Egypt's COP27: Climate injustice in a restricted civic space


This week, on The New Arab Voice we’re exploring what’s happening at Egypt’s COP27 and what this means for climate justice in the Middle East and North Africa. 

With the world’s attention on Sharm el-Sheikh, the episode unpicks the main points of discussion among delegates and activists; namely, climate financing and civic participation. 

It looks at the solutions presented to help developing nations tackle climate change and whether these solutions can be effective given systematic restrictions on civic spaces. 

We speak to a whole range of climate campaigners, including Dan Hodd, a violin-playing activist who decided to travel to COP27 without flying (aroundwithoutwings); Zeina Hajj, Head of Global Campaigning at 350.org (@zeinaalhajj), and Ahmed El Droubi, the Regional Campaigns Manager for Greenpeace MENA (@Greenpeace).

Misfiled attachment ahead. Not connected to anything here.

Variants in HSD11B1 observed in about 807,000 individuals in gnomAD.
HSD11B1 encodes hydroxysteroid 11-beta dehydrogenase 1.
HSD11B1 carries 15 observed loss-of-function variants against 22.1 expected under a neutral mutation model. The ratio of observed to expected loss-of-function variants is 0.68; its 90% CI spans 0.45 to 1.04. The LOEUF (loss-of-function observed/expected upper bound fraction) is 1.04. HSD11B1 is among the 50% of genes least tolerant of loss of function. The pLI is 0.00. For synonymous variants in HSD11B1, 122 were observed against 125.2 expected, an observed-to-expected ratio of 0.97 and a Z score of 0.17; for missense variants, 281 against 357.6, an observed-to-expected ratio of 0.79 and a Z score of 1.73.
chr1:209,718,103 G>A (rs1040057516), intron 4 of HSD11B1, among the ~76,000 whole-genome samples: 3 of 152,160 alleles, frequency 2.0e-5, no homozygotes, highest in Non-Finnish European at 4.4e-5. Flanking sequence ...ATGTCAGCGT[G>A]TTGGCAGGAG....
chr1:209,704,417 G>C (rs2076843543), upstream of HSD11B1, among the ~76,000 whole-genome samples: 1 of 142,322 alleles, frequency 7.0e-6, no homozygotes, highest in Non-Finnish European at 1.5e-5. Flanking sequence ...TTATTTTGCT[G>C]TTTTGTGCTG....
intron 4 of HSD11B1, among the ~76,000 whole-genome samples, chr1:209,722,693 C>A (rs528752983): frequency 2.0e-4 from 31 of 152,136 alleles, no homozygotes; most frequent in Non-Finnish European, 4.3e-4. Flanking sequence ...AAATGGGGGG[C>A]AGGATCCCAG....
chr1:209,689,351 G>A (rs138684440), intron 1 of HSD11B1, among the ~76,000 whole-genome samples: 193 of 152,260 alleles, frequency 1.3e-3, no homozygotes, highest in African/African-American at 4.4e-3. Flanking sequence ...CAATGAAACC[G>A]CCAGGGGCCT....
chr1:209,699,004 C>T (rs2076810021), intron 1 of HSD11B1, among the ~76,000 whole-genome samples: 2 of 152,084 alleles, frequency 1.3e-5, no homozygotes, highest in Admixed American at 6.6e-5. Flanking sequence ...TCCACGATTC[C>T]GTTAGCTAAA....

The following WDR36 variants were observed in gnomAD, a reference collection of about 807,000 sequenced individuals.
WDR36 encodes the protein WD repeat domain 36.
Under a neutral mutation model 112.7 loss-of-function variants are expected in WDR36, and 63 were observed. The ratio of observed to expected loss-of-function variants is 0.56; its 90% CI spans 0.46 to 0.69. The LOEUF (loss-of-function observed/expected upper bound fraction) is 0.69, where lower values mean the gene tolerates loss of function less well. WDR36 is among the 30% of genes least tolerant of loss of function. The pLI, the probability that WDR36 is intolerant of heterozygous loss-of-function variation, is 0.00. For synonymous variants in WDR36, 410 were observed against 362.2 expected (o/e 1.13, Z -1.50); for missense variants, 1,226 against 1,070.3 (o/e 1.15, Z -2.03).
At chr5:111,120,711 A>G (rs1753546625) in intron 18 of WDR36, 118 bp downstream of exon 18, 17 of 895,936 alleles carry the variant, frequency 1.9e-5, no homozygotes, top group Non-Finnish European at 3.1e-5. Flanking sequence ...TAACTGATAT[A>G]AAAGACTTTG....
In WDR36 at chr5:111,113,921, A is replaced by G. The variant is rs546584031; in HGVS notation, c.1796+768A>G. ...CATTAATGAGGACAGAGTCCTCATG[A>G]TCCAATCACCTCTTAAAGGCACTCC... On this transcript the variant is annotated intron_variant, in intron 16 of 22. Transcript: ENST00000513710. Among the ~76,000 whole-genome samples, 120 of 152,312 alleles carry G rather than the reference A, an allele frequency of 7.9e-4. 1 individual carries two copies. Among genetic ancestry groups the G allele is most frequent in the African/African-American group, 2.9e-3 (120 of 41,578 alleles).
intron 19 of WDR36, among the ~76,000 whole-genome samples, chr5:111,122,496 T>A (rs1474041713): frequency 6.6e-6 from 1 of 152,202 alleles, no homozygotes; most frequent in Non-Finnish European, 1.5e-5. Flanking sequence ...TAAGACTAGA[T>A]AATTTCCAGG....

We also reached out to researchers and activists who decided to boycott the conference. Achref Chibani, a non-resident fellow at the Tahrir Institute for Middle East Policy and a regular contributor to the Arab Centre Washington DC (@ChibaniAchref), told us why COP27 can’t be legitimately viewed as an “African COP”. 

Finally, Richard Pearshouse from Human Rights Watch (@RPearshouse) is on the podcast discussing whether this event – given the widespread attention given to Egypt’s poor human rights record – could be a turning point when it comes to understanding the importance of civic society in a just green transition. 

This podcast is written and produced by Rosie McCabe with help from Lyse Mauvais and Hugo Goodridge. Theme music by Omar al-Fil. 

Other music by Blue Dot Sessions. 

To get in touch with the producers, follow then tweet us at @TheNewArabVoice or email [email protected].

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